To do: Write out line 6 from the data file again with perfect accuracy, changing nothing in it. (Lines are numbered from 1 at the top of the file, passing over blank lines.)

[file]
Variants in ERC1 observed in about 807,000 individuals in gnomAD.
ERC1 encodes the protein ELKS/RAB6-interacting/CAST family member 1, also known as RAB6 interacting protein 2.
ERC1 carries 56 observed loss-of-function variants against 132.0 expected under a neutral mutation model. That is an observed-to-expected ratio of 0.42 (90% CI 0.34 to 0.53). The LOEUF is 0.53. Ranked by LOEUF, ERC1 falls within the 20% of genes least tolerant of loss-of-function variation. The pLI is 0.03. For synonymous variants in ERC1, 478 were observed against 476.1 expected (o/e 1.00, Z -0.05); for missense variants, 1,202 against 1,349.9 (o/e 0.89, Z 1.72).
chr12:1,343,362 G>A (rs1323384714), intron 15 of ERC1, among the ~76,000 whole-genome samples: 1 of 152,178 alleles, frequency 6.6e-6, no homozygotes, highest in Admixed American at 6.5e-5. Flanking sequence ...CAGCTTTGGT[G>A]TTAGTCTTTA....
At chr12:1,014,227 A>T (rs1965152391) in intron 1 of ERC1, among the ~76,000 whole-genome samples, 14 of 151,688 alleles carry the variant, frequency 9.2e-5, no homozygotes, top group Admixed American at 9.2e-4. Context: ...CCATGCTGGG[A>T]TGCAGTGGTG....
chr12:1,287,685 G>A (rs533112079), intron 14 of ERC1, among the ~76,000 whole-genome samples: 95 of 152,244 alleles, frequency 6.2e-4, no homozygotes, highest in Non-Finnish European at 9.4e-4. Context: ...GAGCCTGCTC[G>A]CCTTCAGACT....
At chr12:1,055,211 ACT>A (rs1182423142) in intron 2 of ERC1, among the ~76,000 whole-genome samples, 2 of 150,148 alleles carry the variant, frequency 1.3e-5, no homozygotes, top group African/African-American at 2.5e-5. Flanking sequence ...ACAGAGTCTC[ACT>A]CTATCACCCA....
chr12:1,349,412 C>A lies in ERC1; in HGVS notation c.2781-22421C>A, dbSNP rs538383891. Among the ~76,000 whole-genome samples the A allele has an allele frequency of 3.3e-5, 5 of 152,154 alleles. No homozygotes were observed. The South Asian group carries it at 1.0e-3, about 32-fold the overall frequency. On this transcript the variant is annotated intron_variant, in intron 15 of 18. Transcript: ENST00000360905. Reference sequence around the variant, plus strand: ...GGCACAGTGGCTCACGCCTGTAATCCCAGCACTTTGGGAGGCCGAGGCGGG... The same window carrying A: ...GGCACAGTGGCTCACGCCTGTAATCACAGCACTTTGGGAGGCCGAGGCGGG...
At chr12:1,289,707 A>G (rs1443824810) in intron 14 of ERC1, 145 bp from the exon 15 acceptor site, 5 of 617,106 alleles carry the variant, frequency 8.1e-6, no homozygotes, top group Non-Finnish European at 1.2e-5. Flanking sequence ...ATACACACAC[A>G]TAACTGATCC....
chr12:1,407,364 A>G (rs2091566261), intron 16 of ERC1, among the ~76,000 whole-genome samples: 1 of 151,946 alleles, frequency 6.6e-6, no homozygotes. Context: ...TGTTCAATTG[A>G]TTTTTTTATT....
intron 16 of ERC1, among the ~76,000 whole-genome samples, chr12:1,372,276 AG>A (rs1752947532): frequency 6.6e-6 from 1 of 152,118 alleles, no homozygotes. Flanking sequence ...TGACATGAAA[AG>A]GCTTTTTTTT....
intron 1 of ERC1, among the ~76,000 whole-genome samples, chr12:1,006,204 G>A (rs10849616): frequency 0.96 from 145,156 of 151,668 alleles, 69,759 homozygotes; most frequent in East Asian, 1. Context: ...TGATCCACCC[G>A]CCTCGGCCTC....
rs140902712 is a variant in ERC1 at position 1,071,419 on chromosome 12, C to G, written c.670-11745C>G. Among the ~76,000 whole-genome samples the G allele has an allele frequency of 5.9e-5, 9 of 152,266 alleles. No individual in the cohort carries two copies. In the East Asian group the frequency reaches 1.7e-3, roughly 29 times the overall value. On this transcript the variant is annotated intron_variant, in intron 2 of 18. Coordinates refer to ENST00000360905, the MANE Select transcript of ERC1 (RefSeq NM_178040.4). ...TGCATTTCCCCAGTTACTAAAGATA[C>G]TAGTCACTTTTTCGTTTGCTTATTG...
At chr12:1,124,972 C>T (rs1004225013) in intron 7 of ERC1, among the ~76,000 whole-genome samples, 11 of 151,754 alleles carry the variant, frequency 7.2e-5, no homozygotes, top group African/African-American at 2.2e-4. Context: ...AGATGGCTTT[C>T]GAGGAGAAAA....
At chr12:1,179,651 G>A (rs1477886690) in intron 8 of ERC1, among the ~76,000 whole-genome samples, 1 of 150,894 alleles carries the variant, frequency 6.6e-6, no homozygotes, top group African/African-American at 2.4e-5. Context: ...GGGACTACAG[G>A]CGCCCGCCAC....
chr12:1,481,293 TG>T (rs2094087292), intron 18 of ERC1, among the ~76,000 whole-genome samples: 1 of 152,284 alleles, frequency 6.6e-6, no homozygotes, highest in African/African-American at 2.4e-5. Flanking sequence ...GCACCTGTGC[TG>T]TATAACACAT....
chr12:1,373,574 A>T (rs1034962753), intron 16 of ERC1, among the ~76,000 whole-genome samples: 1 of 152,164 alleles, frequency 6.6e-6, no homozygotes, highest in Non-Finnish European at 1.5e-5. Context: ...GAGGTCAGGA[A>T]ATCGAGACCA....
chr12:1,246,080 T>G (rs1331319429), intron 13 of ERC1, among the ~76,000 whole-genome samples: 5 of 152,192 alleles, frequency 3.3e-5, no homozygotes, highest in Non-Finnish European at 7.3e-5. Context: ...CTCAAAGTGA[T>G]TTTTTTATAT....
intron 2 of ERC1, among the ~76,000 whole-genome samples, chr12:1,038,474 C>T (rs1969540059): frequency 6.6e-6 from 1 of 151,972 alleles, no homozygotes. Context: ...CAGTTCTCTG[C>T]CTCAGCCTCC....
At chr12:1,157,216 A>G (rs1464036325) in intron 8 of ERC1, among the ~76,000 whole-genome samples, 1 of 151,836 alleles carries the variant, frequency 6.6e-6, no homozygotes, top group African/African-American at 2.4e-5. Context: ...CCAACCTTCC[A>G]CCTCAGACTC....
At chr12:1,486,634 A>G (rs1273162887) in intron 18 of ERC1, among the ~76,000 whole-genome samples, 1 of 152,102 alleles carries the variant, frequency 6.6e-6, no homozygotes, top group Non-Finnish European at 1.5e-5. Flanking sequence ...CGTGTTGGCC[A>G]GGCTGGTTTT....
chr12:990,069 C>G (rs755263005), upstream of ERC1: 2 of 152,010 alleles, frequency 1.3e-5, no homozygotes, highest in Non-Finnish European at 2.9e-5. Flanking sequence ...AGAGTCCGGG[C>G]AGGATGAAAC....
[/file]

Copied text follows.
chr12:1,287,685 G>A (rs533112079), intron 14 of ERC1, among the ~76,000 whole-genome samples: 95 of 152,244 alleles, frequency 6.2e-4, no homozygotes, highest in Non-Finnish European at 9.4e-4. Context: ...GAGCCTGCTC[G>A]CCTTCAGACT....